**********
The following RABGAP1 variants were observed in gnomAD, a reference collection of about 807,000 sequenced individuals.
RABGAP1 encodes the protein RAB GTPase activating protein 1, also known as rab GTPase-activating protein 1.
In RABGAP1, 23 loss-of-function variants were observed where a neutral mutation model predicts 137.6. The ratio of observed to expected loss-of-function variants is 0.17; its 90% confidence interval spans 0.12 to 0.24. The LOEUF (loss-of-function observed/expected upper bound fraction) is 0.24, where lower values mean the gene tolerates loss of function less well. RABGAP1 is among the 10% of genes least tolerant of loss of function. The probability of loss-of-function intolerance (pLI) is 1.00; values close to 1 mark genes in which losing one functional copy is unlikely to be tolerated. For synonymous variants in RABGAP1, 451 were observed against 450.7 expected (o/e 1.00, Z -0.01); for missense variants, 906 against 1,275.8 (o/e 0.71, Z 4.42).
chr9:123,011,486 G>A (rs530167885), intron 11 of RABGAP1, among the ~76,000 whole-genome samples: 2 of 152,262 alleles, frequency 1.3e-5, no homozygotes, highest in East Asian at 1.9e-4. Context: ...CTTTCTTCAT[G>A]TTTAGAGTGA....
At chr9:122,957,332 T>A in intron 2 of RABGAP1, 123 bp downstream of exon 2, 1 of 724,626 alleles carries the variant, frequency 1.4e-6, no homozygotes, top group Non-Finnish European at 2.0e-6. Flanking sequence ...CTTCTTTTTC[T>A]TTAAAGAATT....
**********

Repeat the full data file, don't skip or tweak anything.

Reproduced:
The following RABGAP1 variants were observed in gnomAD, a reference collection of about 807,000 sequenced individuals.
RABGAP1 encodes the protein RAB GTPase activating protein 1, also known as rab GTPase-activating protein 1.
In RABGAP1, 23 loss-of-function variants were observed where a neutral mutation model predicts 137.6. The ratio of observed to expected loss-of-function variants is 0.17; its 90% confidence interval spans 0.12 to 0.24. The LOEUF (loss-of-function observed/expected upper bound fraction) is 0.24, where lower values mean the gene tolerates loss of function less well. RABGAP1 is among the 10% of genes least tolerant of loss of function. The probability of loss-of-function intolerance (pLI) is 1.00; values close to 1 mark genes in which losing one functional copy is unlikely to be tolerated. For synonymous variants in RABGAP1, 451 were observed against 450.7 expected (o/e 1.00, Z -0.01); for missense variants, 906 against 1,275.8 (o/e 0.71, Z 4.42).
chr9:123,011,486 G>A (rs530167885), intron 11 of RABGAP1, among the ~76,000 whole-genome samples: 2 of 152,262 alleles, frequency 1.3e-5, no homozygotes, highest in East Asian at 1.9e-4. Context: ...CTTTCTTCAT[G>A]TTTAGAGTGA....
At chr9:122,957,332 T>A in intron 2 of RABGAP1, 123 bp downstream of exon 2, 1 of 724,626 alleles carries the variant, frequency 1.4e-6, no homozygotes, top group Non-Finnish European at 2.0e-6. Flanking sequence ...CTTCTTTTTC[T>A]TTAAAGAATT....